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The way Kameale C. Terry sees it, her startup ChargerHelp! has two goals: to help encourage drivers to adopt electric vehicles by providing on-demand technical support for charging stations, and to create more full-time jobs that pay a living wage. By hitting both targets, the company can not only get places outside of California interested in plug-in vehicles, but can help make the technology an economic engine in its own right.
"EV gets a lot of attention in our industry, and that's great," she said. "But it also brings in a lot of people who don't understand the benefits or what we do."
ChargerHelp! CEO Kameale C. Terry
Launched by Terry and co-founder Evette Ellis in January 2020, ChargerHelp! markets itself as the first and only app that supports electric vehicle charging repairs. Its technicians troubleshoot issues preventing drivers from being able to charge their cars, as well diagnose and repair the problem at stations run by their partners.
In March, the downtown L.A.-based startup announced a $2.75 million investment round that included partners Trucks VC, Kapor Capital, JFF, Energy Impact Partners and The Fund. The company currently contracts with such clients as ABB, SparkCharge, EnelX, Xeal and EV Connect, with plans to sign with nine additional firms by the end of this quarter, and is operational in California, but Arizona, Florida, Colorado, New York, Oregon, Texas and Washington.
In order to keep pace with the company's rapid growth, ChargerHelp! Has gone on a hiring spree, bringing on 20 new technicians in the last few weeks, swelling its ranks to 32 employees.
On paper, ChargerHelp! looks like a company that's set to grow rapidly with the significant push behind plug-in electric vehicles made at various levels of government as well as by automakers. Just last month, President Biden unveiled plans to create 500,000 charging stations across the country.
Car manufacturers are also building up nationwide charging networks to support the electric vehicles (EVs) they sell or plan to build in the near future as states such as California phase out sales of gasoline-powered new cars in the next decade. Tesla already has its Supercharger stations, while Volkswagen Group of America operates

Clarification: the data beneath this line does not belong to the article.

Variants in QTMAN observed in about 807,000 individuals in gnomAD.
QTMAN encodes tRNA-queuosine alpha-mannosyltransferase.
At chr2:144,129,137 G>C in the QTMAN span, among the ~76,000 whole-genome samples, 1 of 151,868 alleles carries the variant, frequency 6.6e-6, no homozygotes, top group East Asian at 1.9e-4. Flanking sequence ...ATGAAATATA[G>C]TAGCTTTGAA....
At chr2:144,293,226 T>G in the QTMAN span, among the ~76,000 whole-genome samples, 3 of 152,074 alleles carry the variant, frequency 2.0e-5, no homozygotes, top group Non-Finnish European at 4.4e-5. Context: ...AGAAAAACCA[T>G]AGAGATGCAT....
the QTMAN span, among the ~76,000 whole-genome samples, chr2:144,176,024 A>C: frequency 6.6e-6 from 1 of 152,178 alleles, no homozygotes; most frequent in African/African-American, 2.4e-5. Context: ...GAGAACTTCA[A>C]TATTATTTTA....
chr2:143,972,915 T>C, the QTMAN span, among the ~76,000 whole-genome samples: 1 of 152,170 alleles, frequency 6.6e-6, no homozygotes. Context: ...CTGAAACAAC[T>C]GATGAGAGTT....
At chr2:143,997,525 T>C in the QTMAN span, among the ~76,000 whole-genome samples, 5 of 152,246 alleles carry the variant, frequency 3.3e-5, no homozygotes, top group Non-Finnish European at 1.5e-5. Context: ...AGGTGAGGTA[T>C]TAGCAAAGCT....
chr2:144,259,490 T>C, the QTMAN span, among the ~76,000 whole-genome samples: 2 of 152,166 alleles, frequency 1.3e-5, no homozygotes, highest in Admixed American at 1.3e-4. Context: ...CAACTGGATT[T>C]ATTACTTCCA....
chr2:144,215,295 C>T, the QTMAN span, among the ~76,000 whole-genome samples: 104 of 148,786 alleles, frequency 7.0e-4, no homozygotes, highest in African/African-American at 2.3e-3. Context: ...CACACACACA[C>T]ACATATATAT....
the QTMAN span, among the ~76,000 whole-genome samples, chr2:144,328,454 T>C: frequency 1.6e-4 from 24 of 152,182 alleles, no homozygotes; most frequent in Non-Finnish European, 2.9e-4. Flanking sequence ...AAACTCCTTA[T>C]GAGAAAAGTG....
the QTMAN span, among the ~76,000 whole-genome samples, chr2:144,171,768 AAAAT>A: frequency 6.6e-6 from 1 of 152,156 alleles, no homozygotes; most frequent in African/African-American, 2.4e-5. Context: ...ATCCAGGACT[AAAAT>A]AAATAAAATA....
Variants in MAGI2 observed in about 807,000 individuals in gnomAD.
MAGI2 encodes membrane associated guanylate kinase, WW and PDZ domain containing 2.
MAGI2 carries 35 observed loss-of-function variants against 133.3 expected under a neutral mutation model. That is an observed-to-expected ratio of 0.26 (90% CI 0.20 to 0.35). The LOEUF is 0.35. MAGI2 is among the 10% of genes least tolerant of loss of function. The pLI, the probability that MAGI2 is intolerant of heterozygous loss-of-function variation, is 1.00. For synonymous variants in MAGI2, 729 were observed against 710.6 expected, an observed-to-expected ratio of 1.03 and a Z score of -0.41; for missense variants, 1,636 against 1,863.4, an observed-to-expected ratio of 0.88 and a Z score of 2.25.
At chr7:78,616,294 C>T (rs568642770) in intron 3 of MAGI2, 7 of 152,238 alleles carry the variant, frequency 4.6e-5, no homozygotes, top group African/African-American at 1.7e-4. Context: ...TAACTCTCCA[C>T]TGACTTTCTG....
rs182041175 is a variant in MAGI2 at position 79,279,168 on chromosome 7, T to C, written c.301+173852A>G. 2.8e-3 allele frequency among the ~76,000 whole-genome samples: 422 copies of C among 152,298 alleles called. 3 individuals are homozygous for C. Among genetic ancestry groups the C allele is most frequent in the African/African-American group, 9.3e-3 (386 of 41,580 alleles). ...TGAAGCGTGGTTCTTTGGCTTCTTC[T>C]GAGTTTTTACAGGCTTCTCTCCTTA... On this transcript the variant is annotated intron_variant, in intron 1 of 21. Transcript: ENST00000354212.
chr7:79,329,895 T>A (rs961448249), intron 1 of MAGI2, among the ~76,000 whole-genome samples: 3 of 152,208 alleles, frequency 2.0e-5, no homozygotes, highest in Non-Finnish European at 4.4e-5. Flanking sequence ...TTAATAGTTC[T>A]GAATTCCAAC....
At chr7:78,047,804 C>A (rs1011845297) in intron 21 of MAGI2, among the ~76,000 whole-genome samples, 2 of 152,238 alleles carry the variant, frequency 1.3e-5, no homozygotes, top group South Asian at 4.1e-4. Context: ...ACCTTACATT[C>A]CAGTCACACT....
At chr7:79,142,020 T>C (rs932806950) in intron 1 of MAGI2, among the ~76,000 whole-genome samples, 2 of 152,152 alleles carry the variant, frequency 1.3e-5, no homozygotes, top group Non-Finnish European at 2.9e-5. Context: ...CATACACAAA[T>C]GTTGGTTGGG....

its Electrify America subsidiary. General Motors announced last week its Ultium Charge 360 network that partners with several charging companies, including L.A-based EVgo, for future EV customers of Cadillac, Chevrolet, and GMC.
But Terry still sees a long road ahead for electric vehicles, and believes more people from across geographies and income brackets need to embrace the tech for her company to really grow. And part of people's hesitation, she believes, is their skepticism of the batteries and public charging stations.
While utility companies sponsor charging stations in shopping centers or parking structures, many of the property owners didn't also opt for a labor warranty to cover regular maintenance. The responsibility of maintaining a charging station thus often gets lost between two entities, trapping EV owners — possibly in their car and stranded at a station that won't recognize a credit card or the vehicle's on-board charger — in a customer support runaround.
Little wonder, then, that a study released last month in the journal " Nature Energy" found 18% of battery EV owners decided not to get another one. "It was really easy to find contractors to install stations, but when the stations started having issues, they weren't there," Terry said. "We can't invest all this money and just expect these stations to work without repair."
Here is where ChargerHelp!'s technicians set the company apart. In many cases, non-functioning charging stations don't have an electrical problem, Terry said, and sending out an electrical contractor more equipped to install the stations doesn't resolve what's actually a software issue.
That's where ChargerHelp! comes in. "Because every station is different, our app is like a decision tree. The rapid report immediately goes back to our customer. We do a lot of swap-outs, fix vandalism and removal of snow for owner-operated properties."
Such work requires a wide-ranging skill set, and Terry decided from the start that, in order to ensure high-quality technical assistance (and to deliver on the company's mission of adding well-paid jobs to the economy), ChargerHelp! would make its technicians employees, rather than contractors. "The technology changes too quickly to rely on contractors," she said.
Once hired on, ChargerHelp! technicians start off at $30 per hour in a full-time, 40 hours per week position and receive benefits and shares in the company. Terry also sees the technicians as informal evangelists for EV—especially in less tech-forward parts of the country.
"A lot of our techs had never been in an electric car before they came to training," she said. "We let them test drive a car, and they went back to their friends to talk them up."